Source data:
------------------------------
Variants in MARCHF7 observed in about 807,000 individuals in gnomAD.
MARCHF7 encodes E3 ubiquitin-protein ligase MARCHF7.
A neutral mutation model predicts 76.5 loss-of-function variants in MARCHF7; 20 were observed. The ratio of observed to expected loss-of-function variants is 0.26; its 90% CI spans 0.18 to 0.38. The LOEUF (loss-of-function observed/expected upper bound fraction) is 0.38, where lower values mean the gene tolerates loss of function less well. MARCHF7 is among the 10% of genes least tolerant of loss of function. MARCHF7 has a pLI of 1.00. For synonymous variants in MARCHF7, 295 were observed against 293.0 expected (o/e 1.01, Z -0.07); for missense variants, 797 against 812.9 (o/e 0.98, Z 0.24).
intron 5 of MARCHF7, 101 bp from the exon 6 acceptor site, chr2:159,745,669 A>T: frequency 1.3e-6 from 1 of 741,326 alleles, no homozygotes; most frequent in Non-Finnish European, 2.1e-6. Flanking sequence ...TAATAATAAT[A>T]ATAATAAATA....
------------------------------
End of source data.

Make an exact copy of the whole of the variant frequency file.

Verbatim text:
Variants in MARCHF7 observed in about 807,000 individuals in gnomAD.
MARCHF7 encodes E3 ubiquitin-protein ligase MARCHF7.
A neutral mutation model predicts 76.5 loss-of-function variants in MARCHF7; 20 were observed. The ratio of observed to expected loss-of-function variants is 0.26; its 90% CI spans 0.18 to 0.38. The LOEUF (loss-of-function observed/expected upper bound fraction) is 0.38, where lower values mean the gene tolerates loss of function less well. MARCHF7 is among the 10% of genes least tolerant of loss of function. MARCHF7 has a pLI of 1.00. For synonymous variants in MARCHF7, 295 were observed against 293.0 expected (o/e 1.01, Z -0.07); for missense variants, 797 against 812.9 (o/e 0.98, Z 0.24).
intron 5 of MARCHF7, 101 bp from the exon 6 acceptor site, chr2:159,745,669 A>T: frequency 1.3e-6 from 1 of 741,326 alleles, no homozygotes; most frequent in Non-Finnish European, 2.1e-6. Flanking sequence ...TAATAATAAT[A>T]ATAATAAATA....